Requiem | Adelaide FestivalHow to write a review when one is gobsmacked? Words failed me at first, then words emerged inevitably, such as: electrifying, amazing, extraordinary, uplifting, challenging, humbling, hypnotic, simply stunning!

The visual power of this remarkable concept, combined with the gorgeous music of Mozart (and others) and the musical and theatrical integrity of a wonderfully professional band of performers made this remarkable production one that will not be forgotten as long as its capacity audience lives.

Yet woven throughout it is the notion of entropy – that everything, including us, will pass – as Mozart himself said, “Death is the true purpose of life.” This theme is not only portrayed, but celebrated as an array of things that have passed – from dinosaurs to ideas, to religions, to buildings, lakes, cities and civilisations – is constantly projected onto the backdrop as the music, dance and action weave together to confront, mystify and enthral us.

The result is a multi-layered, visceral, intellectual and emotional experience wrought out of the groundbreaking vision of Director, set lighting and costume designer, Romeo Castellucci, with the poignant genius  of Mozart’s final work, the symbolic and joyful choreography by Evelin Facchini, expertly executed by the dance troupe (largely from the Australian Dance Theatre), the fine singing of the Adelaide Festival Chorus, the talent and precision of the Adelaide Symphony Orchestra all conducted by Rory Maconald.  These were all impressively enhanced by the soloists, Soprano Siobhan Stagg, Alto Sara Mingardo, Tenor Martin Mitterrutzner,  Bass David Greco and the delightful Treble Luca Shin.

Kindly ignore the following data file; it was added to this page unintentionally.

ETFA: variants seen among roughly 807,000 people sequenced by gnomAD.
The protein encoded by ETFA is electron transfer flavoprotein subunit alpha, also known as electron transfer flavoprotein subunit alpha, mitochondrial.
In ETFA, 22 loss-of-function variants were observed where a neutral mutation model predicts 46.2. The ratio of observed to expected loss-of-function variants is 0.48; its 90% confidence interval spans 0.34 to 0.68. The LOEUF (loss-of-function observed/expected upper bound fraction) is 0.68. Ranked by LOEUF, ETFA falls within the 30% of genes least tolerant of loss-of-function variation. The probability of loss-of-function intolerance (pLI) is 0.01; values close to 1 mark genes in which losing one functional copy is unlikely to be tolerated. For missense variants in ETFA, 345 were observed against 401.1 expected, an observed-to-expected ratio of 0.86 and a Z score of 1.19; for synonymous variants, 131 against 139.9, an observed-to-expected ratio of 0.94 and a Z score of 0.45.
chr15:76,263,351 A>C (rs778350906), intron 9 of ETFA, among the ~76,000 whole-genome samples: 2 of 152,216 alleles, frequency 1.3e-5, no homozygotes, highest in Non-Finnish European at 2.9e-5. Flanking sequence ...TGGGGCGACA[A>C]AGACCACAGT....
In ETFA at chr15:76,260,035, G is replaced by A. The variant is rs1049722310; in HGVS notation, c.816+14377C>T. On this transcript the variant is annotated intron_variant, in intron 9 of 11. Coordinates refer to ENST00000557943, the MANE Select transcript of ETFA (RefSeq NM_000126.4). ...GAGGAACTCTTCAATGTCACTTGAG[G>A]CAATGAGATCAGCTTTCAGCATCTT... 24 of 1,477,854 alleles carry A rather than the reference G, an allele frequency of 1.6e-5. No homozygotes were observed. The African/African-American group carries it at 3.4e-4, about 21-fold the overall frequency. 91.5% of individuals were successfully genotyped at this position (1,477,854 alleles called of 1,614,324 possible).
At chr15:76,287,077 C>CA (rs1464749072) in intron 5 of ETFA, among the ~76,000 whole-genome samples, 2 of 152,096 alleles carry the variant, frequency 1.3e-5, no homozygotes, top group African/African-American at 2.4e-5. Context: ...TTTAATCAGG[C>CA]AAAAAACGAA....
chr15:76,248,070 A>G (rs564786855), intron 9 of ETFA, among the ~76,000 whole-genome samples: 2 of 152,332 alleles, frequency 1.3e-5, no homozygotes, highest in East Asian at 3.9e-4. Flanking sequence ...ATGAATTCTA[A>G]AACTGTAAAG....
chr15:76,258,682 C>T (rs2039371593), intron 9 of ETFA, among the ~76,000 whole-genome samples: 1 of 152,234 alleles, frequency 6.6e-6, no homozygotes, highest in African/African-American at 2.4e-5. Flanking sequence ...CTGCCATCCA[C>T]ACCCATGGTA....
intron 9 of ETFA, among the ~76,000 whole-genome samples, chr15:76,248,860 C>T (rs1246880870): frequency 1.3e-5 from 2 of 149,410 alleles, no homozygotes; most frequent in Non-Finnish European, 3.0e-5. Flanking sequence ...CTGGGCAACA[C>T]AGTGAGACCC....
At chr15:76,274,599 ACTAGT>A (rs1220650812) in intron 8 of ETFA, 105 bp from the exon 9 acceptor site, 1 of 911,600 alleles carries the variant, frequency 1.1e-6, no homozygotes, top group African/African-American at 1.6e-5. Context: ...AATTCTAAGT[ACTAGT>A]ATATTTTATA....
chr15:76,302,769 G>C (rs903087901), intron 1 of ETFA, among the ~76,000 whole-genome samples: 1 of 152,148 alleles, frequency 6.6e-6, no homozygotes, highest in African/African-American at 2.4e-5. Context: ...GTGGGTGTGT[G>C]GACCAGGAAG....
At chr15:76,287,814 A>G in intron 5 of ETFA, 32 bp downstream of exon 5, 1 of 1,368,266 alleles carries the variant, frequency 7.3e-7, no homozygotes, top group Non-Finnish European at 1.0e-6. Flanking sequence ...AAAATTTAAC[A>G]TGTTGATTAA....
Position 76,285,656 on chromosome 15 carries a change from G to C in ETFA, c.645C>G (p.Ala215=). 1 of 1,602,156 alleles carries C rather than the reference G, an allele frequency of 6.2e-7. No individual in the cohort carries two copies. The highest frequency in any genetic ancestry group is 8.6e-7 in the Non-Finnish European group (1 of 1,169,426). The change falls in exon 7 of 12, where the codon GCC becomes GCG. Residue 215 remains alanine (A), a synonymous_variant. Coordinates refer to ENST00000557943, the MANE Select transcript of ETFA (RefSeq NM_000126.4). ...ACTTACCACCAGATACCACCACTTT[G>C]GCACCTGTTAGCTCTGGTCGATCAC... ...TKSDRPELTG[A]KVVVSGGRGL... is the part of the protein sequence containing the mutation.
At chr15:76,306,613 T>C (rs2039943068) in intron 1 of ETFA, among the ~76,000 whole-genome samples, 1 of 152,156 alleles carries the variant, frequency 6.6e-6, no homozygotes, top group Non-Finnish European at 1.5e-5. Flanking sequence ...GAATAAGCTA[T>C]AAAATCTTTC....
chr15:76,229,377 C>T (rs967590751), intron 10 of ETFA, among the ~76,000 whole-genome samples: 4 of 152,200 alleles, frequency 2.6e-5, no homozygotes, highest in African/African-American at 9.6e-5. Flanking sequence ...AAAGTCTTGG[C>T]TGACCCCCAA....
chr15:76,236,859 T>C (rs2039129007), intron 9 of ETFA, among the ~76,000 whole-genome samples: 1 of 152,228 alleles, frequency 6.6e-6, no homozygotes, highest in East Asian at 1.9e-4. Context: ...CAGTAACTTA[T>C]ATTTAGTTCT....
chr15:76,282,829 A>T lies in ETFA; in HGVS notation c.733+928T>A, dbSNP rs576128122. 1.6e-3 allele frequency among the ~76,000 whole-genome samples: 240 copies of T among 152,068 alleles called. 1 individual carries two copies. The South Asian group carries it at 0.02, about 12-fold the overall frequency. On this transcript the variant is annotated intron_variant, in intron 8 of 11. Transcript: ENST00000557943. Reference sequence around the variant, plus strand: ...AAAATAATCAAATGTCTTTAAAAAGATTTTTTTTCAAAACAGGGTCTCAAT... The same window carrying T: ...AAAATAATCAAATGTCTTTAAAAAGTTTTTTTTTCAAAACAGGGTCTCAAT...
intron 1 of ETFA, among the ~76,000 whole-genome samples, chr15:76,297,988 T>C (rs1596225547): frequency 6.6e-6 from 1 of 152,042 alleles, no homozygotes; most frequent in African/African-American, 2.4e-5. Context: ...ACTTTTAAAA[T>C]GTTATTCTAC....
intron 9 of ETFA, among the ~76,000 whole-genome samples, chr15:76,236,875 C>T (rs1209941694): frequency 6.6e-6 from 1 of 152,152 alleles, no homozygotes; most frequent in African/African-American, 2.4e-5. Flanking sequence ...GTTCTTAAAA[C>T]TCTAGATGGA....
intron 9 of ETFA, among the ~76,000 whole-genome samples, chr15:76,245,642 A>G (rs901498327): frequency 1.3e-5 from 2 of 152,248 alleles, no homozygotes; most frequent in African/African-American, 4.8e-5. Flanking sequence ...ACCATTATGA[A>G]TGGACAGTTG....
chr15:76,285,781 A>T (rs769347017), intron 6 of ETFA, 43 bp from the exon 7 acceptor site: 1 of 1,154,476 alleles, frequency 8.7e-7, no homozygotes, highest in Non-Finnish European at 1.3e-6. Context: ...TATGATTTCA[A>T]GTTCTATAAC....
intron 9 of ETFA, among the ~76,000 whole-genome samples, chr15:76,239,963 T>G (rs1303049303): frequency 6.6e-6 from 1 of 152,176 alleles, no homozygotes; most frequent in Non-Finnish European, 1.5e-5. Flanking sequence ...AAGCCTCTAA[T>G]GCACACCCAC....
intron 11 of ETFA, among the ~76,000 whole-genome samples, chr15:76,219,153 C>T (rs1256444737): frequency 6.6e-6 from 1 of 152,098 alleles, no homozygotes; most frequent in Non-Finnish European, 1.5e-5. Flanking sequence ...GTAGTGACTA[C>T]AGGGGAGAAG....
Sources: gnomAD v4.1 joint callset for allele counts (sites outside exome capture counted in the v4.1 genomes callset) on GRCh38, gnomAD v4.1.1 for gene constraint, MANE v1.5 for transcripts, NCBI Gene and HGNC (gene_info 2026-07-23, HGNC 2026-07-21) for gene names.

While  Mozart’s glorious Requiem is the musical centrepiece, it is augmented by the inter-weaving of a number of other works, by Mozart and others, emphasising the pleas for mercy and forgiveness, which are threaded through the various movements of the mass, as the dancing and various symbolism inexorably progress towards the final chaos and calm of eternal rest.

But the end is not bleak, and the breathtaking climax is a sure sign of hope after all. In dead silence as the curtain lowered slowly, the stunned silence of 2000 people was only broken by the at first tentative, then thunderous applause which grew and continued from a rapturous audience.

There are multitudinous highlights in this concept and this performance, which is a perfect centrepiece for a festival of arts, and the Artistic Directors of this Festival (Neil Armfield AO and Rachel Healy) are to be congratulated on that point in particular. It certainly augurs well for the rest of the Adelaide Festival, for which Requiem is a great opening.

Adelaide Festival presents
by Mozart

Director Romeo Castellucci

Venue: Adelaide Festival Theatre | King William Road Adelaide SA
Dates: 28 February & 1, 3, 4 March 2020
Bookings: 131246 |

A co-production of Festival d’Aix-en-Provence and Adelaide Festival


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